As such, do not throw them in there before cleaning them thoroughly to remove the herbicide. If it is not removed, it will be carried over into the compost and back to the garden, adversely affecting other crops and the garden in general.
Secondly, the peels could contain chemicals and acidity that is not safe for the microorganisms and worms inside the compost. Therefore, be sure to chop the peels into tiny bits to hasten the decomposition process. If left whole, they will take a long time to decompose and break down, which in turn delays how soon you can use your compost.
Can Ginger Be Used as Fertilizer?
Yes! Garlic skin and ginger peels are very good manure for flowering plants. We have identified that ginger can make excellent compost, which can then be used as fertilizer.
Although ginger cannot on its own make the compost or make the fertilizer, try composting it instead. If you used the ginger on itself as fertilizer, chances are that it will start growing and probably take over your other plants.
However, ginger is best known as a pesticide or for pest control. Ginger contains zingerone ketone compounds and oils that have a spicy taste, causing the insect body to feel hot, fever and die. This natural pesticide can also control other pests such as caterpillars, tomatoes, grasshoppers, grasshoppers, curdles, nematodes, and anthracnose.
To make the natural and organic garlic pesticide, first, grate or crush one ginger palm or around 50 grams ginger until it is smooth. Secondly, prepare about 3 liters of clean water and 12 ml of detergent or soap, and put the ginger into the liquid.
Next, stir until the water, detergent, and ginger blend together. Let the mixture sit for a day. Finally, strain the solution and put it into a spray bottle. The mixture is your natural pesticide and is ready for use.
Be sure to spray it on all parts of the affected plant in the morning or afternoon. It is also possible to make an all-natural pesticide from the mix of ginger, garlic and green chili. The combination of the three will also be able to control aphids, nematodes, tomato caterpillars, fruit flies, leaf-miner flies, thrips, whitefly, and other pests.
Can You Compost Rotten Ginger?
Definitely! The whole idea behind composting is to have a product decompose or rot, only now in a controlled area, together with other rotting materials, to produce a compost that is beneficial to the garden and plants.
Rotten ginger is therefore halfway there! The moldy cells on the rotting ginger are just one of the many different types of microorganisms that take care of decomposition and are fine inside the composting bin.
Again, as compared to fresh ginger which has a spicy bit that will affect some microorganisms, the rotting one has already been taken over by the necessary microorganisms for this particular production. They will therefore help it decompose and in time, will arrive at a healthy compost for your garden.
However, be sure that the rotting is not as a result of a disease that affected the ginger, as transferring it directly into the composter, will spread the disease and help reinfest your garden.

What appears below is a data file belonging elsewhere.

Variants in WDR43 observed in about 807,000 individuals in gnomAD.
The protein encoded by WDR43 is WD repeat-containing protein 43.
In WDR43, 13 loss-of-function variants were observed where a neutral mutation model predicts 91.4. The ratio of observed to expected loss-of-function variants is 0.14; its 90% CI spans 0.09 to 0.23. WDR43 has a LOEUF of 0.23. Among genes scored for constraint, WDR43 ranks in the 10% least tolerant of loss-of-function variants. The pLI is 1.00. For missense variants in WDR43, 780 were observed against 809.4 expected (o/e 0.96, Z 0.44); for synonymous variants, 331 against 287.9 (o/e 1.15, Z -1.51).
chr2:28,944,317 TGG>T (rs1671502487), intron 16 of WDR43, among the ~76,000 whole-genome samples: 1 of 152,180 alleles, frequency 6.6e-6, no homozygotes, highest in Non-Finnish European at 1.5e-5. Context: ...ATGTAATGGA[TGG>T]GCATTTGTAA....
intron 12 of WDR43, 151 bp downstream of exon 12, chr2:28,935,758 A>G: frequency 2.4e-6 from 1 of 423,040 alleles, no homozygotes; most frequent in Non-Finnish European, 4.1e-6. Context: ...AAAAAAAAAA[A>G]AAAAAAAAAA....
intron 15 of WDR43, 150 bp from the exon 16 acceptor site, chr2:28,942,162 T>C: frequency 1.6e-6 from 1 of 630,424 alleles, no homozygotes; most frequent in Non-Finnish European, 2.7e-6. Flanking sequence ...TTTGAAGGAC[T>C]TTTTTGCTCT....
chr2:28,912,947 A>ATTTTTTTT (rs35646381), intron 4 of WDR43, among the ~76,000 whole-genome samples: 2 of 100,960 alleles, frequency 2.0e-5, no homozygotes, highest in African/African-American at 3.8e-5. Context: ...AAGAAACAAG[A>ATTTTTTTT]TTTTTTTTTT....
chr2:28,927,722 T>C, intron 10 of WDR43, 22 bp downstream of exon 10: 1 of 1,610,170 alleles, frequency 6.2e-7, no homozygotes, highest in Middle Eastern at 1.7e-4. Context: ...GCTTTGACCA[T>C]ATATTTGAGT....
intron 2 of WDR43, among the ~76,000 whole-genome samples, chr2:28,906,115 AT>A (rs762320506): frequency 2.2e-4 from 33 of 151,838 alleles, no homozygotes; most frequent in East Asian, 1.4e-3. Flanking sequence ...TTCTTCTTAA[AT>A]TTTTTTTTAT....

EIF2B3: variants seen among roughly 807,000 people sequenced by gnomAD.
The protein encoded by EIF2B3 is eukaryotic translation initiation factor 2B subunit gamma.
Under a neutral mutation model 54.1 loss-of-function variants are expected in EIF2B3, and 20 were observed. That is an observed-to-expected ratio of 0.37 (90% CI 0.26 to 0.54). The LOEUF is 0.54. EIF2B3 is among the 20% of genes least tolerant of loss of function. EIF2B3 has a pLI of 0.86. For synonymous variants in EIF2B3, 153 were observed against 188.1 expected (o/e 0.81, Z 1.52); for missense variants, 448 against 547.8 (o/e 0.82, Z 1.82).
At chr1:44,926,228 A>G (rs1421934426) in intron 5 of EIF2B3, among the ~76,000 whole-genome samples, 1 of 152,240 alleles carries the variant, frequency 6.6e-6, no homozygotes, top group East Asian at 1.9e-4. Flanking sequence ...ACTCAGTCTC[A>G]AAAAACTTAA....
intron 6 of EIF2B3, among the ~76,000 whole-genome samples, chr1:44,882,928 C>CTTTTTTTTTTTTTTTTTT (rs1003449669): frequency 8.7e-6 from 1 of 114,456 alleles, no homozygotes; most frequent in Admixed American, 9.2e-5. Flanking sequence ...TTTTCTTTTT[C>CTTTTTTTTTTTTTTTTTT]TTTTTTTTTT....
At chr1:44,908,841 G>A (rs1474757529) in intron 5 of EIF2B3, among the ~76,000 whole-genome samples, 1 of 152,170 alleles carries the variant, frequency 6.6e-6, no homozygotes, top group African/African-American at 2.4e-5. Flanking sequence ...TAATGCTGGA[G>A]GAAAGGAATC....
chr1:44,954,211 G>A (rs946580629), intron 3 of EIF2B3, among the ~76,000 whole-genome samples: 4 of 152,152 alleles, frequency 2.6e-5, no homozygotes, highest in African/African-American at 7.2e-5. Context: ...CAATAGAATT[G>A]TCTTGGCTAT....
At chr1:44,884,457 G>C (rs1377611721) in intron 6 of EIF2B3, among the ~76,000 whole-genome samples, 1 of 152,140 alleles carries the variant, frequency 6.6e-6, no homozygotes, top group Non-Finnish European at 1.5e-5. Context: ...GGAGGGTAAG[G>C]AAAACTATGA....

At the same time, take caution as some damaging insects might survive in the infested and rotting garlic, and might not die off inside the composter, thereby become a menace to your garden. If your ginger is rotting due to rodent or pest activity, avoid throwing them inside the composter.
This is because the pests will follow the ginger into your pile, where they might also take on other rotting materials. This will also slow down the entire process. Therefore, understand the rot and if it is natural, or if it is a rot that is not harmful when inside the composter, then it is safe to compost that ginger. If it does not seem natural to you, take precaution to avoid more harm than good
How Long Does It Take For Ginger to Compost?
It is unsure as to how long it takes for ginger to break down completely, but the best guess is some few weeks. However, even when arriving at this conclusion, some factors can cause it to take longer.
First, where the ginger was boiled and crushed into smaller particles, the process will take a short time, probably a few weeks. However, if the ginger was thrown in whole and not cut, it will take longer.
Remember, the rule of composting that items need to be cut into smaller pieces for a speedy and effective compost. Additionally, ginger is spicy and worms tend to avoid such spicy or flavourful foods.
Ginger will therefore slow down the decomposition process of your compost significantly. Cutting it into smaller pieces might have a better result. Additionally, ginger does not really require soil to continue growing and can continue to grow inside the compost, if placed in whole.
Secondly, if it was the root that was composted, it might continue to grow rather than be composted. Therefore, take enough precautions and kill the root before adding it to the compost, lest it continues to sprout. Finally, and regardless of the ginger, each compost will take more time if it is relatively bigger. The process can take a few weeks or months for a complete compost to be arrived at.